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Journal article

Building financial bridges to economic development and community integration: recommendations for a research agenda on asset development for people with disabilities

Authors:
PUTMAN Michelle, et al
Journal article citation:
Journal of Social Work in Disability and Rehabilitation, 4(3), 2005, pp.61-86.
Publisher:
Taylor and Francis
Place of publication:
Philadelphia, USA

Research on asset accumulation among the population of people with disabilities is quite limited. Previous work indicates that people with disabilities have significantly fewer assets than people without disabilities. Research on asset development suggests that in general, individuals in lower income tiers are able to save and that holding assets has a positive relationship with general personal well being, economic security, and civic behavior and community involvement. Many individuals with disabilities are living in chronic poverty. For those who are unable to work, the accumulation of assets is difficult. Without significant savings, people with disabilities are unable to afford down payments on homes, capitalize small businesses, pay for advanced education, purchase assistive technology, or make accessibility-related architectural modifications to their homes. This paper recommends four significant areas to be considered in developing a research agenda on asset development for people with disabilities. (Copies of this article are available from: Haworth Document Delivery Centre, Haworth Press Inc., 10 Alice Street,  Binghamton, NY 13904-1580).

Book Full text available online for free

Disabled Parents Network information briefings: no. 1 introduction

Author:
DISABLED PARENTS NETWORK
Publisher:
Disabled Parents Network
Publication year:
2005
Pagination:
15p.
Place of publication:
London

Many disabled parents are reluctant or even anxious about asking for help from social services. They don’t want it to look as though they are not coping or are not good enough parents. Many people think social services only get involved when something has gone wrong and their children are seen as being in need or at risk in some way. In many places social services are working out how to support disabled parents by providing the right kind of specialist adult support to parents in good time to prevent problems arising.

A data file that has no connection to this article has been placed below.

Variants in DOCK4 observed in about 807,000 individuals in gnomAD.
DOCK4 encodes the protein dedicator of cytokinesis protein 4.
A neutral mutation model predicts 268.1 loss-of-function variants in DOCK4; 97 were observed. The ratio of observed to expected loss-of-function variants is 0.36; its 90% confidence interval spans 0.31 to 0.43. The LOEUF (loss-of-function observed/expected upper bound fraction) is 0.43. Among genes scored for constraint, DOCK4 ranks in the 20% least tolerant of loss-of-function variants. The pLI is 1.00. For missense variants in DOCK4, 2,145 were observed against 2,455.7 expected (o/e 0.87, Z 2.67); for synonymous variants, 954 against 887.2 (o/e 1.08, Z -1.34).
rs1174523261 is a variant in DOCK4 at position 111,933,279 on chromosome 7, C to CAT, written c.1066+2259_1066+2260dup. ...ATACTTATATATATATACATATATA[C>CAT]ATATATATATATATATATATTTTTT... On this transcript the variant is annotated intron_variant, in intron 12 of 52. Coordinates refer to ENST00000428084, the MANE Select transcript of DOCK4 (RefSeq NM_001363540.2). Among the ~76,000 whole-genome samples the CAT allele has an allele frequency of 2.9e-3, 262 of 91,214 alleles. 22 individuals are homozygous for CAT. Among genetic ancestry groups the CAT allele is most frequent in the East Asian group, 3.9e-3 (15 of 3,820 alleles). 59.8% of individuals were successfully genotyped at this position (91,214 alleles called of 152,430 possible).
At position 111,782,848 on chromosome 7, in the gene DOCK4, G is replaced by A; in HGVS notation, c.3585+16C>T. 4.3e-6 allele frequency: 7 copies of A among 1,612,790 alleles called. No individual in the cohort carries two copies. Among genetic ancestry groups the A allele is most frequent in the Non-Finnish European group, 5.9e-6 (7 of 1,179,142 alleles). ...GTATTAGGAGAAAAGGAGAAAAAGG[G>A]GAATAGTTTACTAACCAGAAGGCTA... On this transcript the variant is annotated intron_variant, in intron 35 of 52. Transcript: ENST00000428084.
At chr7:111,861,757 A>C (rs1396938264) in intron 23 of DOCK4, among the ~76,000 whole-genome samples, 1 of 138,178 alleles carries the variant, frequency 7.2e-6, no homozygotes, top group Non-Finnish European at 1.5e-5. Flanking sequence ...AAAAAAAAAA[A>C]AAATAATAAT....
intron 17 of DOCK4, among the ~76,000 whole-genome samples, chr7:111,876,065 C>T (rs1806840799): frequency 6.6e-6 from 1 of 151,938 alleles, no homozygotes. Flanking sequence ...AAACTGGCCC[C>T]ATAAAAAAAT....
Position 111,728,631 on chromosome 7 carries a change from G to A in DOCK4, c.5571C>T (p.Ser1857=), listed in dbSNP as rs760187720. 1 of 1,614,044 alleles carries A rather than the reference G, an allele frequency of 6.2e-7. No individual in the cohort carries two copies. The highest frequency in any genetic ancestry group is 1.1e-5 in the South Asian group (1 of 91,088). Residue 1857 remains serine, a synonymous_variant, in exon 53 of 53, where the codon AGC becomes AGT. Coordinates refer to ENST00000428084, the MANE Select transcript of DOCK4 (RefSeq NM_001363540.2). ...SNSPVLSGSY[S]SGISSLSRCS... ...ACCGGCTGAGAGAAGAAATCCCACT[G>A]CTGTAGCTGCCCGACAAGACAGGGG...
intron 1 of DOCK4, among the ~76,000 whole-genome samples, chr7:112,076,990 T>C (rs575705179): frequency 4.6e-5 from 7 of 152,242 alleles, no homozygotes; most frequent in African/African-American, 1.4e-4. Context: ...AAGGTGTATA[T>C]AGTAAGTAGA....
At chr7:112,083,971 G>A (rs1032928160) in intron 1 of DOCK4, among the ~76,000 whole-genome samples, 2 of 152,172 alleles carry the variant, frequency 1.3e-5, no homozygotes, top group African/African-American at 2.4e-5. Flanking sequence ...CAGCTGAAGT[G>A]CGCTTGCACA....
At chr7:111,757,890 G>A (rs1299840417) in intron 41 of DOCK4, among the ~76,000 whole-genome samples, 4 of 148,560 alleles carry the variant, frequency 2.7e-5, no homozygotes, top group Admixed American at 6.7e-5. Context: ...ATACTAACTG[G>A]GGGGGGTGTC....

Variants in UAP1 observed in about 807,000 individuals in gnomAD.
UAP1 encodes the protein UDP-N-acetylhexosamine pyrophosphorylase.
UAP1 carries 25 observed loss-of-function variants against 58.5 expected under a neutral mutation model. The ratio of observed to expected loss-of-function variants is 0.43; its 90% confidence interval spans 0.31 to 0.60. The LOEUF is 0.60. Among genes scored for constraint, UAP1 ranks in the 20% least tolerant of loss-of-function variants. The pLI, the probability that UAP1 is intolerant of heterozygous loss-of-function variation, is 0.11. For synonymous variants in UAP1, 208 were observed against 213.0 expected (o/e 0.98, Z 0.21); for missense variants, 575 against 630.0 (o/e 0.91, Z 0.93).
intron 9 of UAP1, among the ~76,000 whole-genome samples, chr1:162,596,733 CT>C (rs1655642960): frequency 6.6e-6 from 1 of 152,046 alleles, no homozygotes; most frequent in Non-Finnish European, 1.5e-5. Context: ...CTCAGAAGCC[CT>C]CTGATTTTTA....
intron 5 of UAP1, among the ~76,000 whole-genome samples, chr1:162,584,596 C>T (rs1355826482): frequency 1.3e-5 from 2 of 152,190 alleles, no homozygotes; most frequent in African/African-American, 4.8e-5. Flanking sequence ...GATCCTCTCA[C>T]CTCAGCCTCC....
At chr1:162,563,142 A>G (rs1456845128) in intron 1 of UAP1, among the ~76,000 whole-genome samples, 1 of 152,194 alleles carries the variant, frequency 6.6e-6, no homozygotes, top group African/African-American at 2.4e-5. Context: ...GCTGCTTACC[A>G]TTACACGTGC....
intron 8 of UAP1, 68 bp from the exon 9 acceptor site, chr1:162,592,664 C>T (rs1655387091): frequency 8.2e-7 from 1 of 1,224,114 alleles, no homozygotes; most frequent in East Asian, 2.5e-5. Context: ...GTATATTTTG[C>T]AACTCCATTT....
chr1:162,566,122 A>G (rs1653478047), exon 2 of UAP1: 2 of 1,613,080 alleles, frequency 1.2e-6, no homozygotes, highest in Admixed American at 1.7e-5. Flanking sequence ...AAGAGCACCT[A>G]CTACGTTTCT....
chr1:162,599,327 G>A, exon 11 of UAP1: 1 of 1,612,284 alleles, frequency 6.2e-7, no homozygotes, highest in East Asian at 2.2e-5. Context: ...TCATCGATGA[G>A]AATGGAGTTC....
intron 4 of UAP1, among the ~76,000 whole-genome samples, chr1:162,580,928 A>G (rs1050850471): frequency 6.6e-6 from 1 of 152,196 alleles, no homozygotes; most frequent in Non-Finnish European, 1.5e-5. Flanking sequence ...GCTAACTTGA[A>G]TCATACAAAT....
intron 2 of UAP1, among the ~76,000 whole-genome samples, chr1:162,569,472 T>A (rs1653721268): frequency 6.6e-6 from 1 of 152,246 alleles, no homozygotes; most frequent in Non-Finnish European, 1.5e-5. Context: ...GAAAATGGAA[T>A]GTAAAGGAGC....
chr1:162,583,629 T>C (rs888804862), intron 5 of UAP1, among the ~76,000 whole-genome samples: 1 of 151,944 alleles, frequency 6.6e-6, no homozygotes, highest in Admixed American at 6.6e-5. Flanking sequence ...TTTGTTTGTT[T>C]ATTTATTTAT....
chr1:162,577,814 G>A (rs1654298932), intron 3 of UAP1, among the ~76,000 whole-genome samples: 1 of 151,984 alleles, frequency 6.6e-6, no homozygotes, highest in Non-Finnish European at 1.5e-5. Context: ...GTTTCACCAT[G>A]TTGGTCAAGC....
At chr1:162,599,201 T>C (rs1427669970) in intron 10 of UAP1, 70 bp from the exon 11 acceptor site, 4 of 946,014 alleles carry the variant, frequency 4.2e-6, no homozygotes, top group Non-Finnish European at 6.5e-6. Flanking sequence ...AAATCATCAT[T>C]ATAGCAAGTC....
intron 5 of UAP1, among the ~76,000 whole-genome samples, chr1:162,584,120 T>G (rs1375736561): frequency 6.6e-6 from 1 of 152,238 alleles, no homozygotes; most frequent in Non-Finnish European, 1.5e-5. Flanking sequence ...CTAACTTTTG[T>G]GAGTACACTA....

Journal article

Social norms and their implications for disability

Author:
MURPHY John W.
Journal article citation:
Journal of Social Work in Disability and Rehabilitation, 4(1/2), 2005, pp.153-163.
Publisher:
Taylor and Francis
Place of publication:
Philadelphia, USA

This paper discusses how and why the norms for defining disability continue to change. This analysis illustrates the social nature of the disability and that changing norms continue to define the meaning of disability. The paper is grounded in a postmodern perspective, a notion that has only entered the field of disability in the 21st century. (Copies of this article are available from: Haworth Document Delivery Centre, Haworth Press Inc., 10 Alice Street,  Binghamton, NY 13904-1580).

Journal article

'Service users': regressive or liberatory terminology?

Author:
BERESFORD Peter
Journal article citation:
Disability and Society, 20(4), June 2005, pp.469-477.
Publisher:
Taylor and Francis,

The term ‘service users’ has come to be increasingly used both in the UK and beyond to describe people on the receiving end of health, welfare and social care policies and services, including disabled people. This use of language is contentious. It has come in for criticism as presenting people in passive, consumerist terms. However, many disabled people, and others, use the term of themselves. This article seeks to develop discussion about this terminology and suggests that as well as being used by state and service system in regressive and pejorative ways, it may also serve as a unifying concept which has helped groups to act with solidarity and to challenge and seek to improve their status in society. In this way, it may parallel the terms ‘disabled’ and ‘disability’ as used within social approaches to disability.